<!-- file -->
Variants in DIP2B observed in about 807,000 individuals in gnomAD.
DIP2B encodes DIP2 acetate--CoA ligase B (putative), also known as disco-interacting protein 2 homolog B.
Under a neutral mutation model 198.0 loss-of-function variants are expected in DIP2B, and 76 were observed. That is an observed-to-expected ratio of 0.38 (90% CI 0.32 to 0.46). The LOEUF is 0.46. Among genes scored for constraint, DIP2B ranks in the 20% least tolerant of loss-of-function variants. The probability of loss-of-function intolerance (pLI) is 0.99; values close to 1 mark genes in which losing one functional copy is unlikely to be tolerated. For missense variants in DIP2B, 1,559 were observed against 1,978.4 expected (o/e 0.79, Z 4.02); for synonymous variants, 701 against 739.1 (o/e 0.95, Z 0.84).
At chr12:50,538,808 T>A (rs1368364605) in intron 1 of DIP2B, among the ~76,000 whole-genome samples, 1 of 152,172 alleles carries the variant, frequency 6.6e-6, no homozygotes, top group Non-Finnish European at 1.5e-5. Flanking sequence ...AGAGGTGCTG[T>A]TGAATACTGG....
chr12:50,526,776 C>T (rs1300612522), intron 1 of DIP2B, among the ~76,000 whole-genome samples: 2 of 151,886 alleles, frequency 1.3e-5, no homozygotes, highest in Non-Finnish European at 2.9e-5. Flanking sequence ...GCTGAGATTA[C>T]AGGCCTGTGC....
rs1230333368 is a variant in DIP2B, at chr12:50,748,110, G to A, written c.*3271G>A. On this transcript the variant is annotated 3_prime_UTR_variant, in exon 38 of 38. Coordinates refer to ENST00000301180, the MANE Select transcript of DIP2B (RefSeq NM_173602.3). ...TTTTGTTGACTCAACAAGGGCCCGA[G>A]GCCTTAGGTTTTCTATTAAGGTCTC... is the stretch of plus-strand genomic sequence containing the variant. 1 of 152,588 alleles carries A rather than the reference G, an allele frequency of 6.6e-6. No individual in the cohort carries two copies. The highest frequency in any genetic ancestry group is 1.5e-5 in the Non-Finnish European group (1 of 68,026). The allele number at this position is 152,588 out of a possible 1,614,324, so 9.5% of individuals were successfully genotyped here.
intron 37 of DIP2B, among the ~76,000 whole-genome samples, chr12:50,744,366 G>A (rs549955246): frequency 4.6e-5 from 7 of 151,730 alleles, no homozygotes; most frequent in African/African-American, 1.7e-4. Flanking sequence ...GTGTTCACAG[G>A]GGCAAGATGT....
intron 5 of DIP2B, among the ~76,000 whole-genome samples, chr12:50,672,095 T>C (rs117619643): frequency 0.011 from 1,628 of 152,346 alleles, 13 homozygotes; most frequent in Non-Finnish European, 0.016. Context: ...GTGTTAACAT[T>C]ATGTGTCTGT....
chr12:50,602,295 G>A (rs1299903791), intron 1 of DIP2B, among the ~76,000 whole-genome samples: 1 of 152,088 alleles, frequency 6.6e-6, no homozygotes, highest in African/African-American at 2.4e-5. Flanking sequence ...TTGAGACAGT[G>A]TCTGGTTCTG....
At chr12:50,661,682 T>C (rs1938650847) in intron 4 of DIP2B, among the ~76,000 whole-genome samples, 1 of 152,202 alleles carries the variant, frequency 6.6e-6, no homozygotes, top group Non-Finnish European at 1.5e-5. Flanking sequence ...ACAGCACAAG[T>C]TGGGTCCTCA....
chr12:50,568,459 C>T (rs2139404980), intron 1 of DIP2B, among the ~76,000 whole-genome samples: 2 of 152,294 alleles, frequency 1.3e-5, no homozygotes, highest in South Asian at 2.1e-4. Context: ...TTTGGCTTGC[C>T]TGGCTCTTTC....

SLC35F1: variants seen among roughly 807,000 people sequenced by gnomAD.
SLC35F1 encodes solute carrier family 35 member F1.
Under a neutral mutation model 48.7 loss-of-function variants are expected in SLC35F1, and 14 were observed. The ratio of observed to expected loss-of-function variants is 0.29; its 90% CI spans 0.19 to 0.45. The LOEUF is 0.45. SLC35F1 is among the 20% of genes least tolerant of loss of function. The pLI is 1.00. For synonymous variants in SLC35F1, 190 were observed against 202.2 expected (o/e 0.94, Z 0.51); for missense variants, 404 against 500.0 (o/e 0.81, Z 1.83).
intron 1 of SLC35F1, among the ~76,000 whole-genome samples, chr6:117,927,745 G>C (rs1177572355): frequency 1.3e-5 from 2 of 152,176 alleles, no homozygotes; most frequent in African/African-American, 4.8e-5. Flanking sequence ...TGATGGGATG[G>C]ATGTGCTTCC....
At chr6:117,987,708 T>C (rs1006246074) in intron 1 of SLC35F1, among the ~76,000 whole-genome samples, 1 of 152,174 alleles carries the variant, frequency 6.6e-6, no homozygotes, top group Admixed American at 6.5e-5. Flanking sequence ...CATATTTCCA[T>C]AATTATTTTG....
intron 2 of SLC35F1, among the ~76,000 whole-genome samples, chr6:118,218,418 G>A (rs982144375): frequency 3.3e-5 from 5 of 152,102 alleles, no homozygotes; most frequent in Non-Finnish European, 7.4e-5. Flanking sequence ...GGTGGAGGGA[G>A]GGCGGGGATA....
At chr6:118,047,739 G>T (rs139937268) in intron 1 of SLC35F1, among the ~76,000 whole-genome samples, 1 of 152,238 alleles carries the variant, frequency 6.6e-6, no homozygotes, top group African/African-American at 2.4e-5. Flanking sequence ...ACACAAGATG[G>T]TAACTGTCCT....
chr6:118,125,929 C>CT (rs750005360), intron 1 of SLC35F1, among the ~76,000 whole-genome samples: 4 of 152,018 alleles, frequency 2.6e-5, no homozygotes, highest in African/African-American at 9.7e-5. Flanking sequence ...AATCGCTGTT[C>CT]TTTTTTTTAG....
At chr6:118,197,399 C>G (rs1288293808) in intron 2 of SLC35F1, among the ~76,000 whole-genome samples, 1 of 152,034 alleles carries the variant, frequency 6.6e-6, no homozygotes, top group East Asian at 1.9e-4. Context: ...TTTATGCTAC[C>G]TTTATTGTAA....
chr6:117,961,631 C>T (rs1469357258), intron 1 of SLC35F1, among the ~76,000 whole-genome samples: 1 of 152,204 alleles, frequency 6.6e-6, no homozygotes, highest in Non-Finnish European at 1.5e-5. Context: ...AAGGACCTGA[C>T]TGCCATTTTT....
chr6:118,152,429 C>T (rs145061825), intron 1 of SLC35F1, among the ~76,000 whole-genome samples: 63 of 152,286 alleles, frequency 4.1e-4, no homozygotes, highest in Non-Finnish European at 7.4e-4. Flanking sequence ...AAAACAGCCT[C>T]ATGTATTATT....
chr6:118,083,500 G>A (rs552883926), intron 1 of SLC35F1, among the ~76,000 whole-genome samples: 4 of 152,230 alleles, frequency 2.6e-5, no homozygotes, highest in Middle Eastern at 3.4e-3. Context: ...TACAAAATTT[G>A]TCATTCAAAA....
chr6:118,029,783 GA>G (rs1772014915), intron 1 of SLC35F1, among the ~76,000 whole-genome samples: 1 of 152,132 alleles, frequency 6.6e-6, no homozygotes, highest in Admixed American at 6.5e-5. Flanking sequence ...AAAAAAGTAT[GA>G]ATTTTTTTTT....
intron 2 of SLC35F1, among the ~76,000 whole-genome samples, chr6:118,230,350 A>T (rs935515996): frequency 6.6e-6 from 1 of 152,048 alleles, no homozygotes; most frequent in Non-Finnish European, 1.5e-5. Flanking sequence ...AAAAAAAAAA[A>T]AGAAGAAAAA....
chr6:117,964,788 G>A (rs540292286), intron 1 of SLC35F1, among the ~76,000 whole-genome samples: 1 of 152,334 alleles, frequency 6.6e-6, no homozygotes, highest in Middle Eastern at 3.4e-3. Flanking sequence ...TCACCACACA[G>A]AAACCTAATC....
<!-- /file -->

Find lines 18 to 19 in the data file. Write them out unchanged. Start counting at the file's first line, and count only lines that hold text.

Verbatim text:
At chr6:118,047,739 G>T (rs139937268) in intron 1 of SLC35F1, among the ~76,000 whole-genome samples, 1 of 152,238 alleles carries the variant, frequency 6.6e-6, no homozygotes, top group African/African-American at 2.4e-5. Flanking sequence ...ACACAAGATG[G>T]TAACTGTCCT....
chr6:118,125,929 C>CT (rs750005360), intron 1 of SLC35F1, among the ~76,000 whole-genome samples: 4 of 152,018 alleles, frequency 2.6e-5, no homozygotes, highest in African/African-American at 9.7e-5. Flanking sequence ...AATCGCTGTT[C>CT]TTTTTTTTAG....